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Advisory Panel: Decisions Regretted

September 25, 2013 Advisory Panel 1 Comment

The HIStalk Advisory Panel is a group of hospital CIOs, hospital CMIOs, practicing physicians, and a few vendor executives who have volunteered to provide their thoughts on topical industry issues. I’ll seek their input every month or so on an important news developments and also ask the non-vendor members about their recent experience with vendors. E-mail me to suggest an issue for their consideration.

If you work for a hospital or practice, you are welcome to join the panel. I am grateful to the HIStalk Advisory Panel members for their help in making HIStalk better.

This question this time: What decision did you or your department make recently that you regret the most?

Actually all recent decisions have been good ones.  It’s the sins of the distant past that are still haunting us.

Letting the hospital put "web filters" to reduce inappropriate web surfing… it has slowed normal internet use to a crawl at times!

We decided to wait until this week to hold an all-IT-employee appreciation event. In retrospect, I wish we had held the event sooner. My team has been working incredibly hard, long hours for quite some time. We need to celebrate, relax, and break bread more often!

There are so many in hindsight of course. Anything with McKesson Horizon. HIStalk ran the rumors for at least a year before the 20/20 announcement. Anyone with experience in vendor mgmt or software development in general would say the Horizon 20/20 announcement was a sign of problems. It was the start of the best and brightest leaving the Horizon project team. It was a declaration that much if not all of your software licensing money spent was wasted, if you move to Paragon you can recoup, but all that time building a solution. All those hours spent and knowledge built will have to be repeated inside of 24-36 months.  It’s a demoralizing thing, in my opinion, when you could see/feel the winds of change but couldn’t get the ship turned.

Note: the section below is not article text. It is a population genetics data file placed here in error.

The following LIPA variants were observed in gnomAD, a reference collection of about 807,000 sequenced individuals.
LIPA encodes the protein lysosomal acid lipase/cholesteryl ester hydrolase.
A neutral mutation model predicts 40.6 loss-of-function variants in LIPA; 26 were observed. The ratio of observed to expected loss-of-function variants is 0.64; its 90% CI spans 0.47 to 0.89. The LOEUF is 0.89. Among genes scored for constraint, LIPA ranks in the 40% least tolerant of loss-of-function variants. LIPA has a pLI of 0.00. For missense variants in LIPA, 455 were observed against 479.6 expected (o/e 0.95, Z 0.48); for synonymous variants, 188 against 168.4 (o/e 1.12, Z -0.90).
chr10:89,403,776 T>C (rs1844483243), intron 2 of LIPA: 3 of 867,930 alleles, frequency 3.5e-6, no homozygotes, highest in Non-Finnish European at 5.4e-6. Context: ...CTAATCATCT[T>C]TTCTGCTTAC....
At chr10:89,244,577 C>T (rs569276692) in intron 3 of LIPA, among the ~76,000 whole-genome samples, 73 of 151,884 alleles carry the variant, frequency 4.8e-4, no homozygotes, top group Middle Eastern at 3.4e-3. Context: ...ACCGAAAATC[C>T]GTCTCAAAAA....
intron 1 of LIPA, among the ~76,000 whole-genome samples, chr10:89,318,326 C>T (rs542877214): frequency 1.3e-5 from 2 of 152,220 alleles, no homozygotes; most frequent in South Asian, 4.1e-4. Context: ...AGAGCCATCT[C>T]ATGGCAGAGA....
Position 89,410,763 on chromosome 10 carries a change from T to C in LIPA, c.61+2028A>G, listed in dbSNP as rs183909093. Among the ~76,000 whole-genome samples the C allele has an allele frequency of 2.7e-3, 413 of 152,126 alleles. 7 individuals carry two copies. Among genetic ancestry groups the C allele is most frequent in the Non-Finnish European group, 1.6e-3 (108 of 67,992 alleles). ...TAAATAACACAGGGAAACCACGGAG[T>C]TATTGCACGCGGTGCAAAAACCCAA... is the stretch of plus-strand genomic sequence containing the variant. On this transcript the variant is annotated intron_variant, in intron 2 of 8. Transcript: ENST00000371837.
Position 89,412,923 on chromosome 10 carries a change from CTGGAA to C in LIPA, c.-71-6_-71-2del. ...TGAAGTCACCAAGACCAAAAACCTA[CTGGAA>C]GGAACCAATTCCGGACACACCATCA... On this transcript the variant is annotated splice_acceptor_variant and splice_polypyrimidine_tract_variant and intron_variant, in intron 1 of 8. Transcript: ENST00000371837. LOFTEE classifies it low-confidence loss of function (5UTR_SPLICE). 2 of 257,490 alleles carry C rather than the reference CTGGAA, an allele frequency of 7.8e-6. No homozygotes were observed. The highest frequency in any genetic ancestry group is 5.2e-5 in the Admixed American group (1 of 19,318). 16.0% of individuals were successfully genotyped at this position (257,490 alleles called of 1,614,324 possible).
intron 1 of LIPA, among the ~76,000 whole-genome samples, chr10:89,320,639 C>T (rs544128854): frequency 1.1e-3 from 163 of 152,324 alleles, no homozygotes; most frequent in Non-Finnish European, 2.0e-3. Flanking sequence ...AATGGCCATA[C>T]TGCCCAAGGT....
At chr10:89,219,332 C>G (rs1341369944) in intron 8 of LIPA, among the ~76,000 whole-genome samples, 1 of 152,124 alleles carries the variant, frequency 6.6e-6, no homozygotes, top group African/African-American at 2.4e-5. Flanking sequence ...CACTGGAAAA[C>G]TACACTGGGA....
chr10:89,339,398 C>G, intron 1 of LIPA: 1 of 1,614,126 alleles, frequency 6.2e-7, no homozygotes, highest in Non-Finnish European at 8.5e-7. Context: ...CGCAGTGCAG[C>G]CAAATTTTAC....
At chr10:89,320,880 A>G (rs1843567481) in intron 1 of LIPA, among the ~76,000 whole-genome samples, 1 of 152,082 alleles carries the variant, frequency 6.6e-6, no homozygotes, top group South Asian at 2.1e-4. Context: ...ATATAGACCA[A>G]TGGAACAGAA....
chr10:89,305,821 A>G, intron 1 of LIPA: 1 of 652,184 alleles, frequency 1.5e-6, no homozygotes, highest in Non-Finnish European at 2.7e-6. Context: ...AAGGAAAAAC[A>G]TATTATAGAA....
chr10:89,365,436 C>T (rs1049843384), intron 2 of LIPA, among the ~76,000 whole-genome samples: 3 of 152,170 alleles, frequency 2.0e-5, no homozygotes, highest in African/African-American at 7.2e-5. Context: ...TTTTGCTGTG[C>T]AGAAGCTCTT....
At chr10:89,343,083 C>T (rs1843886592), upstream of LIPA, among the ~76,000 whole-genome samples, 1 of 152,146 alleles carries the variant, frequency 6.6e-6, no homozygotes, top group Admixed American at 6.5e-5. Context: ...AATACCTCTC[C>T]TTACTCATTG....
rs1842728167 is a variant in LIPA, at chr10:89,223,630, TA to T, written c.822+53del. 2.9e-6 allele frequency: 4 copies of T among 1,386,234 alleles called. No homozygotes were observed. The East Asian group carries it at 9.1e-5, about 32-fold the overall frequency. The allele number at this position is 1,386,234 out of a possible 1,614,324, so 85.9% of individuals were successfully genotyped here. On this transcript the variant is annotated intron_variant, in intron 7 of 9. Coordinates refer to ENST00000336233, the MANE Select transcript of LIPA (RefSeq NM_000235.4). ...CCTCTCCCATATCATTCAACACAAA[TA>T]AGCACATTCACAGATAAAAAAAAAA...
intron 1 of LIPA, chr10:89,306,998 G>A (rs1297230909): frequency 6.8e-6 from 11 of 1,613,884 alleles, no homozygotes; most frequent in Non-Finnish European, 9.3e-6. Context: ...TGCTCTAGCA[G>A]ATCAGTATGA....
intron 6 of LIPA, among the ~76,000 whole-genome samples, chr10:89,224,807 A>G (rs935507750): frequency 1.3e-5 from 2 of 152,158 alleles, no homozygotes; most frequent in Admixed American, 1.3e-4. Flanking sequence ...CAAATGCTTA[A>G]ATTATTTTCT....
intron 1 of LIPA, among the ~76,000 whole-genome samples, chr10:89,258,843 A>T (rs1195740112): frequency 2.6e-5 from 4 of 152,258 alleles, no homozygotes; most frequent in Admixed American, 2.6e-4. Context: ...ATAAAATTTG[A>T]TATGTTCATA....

I regret holding on to one of my managers for too long.  I tried for three years to get him where he needed to be, including a management geared towards his weaknesses. I found it difficult to provide tangible measurable criteria with which to push him. Regular staff is much easier to measure/document against, but they are more task based. The role of management really has to do with decision making and overall philosophy ,which is difficult to make tangible. I finally replaced him and can’t be happier. The new manager has the same management style/philosophy and has made significant changes since his arrival seven business days ago!

Hiring someone we thought would want to get EpicCare Certification and then be hired somewhere else and did. Jerk.

Not my decision, but I’d say the state’s decision to try to dictate HIE (without understanding it) after everyone had already made plans.

Picking a vendor for an automated claims processing system that had very little experience with the types of claims adjudication rules that we follow. But, our department really didn’t make the decision. The decision to choose the vendor was made by members of the Board of Directors, overruling the recommendation of the CIO and selection committee. True to form, the decision has been a disaster and we are going to throw the vendor out and re-compete the contract.

A trusted current vendor acquired a new system through acquisition. Because we needed what it did, I jumped on it right away. Only later did I come to realize the trusted vendor didn’t have a clue how to integrate it with what they/we had. By itself it works great – a year later they/we are still trying to figure it out.

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Currently there is "1 comment" on this Article:

  1. It would be interesting, as a follow up, to know how many regretted decisions:
    1. Resulted in your termination
    2. Resulted in staff reductions
    3. Were chalked up as learning experiences
    4. All of the above
    5. None of the above

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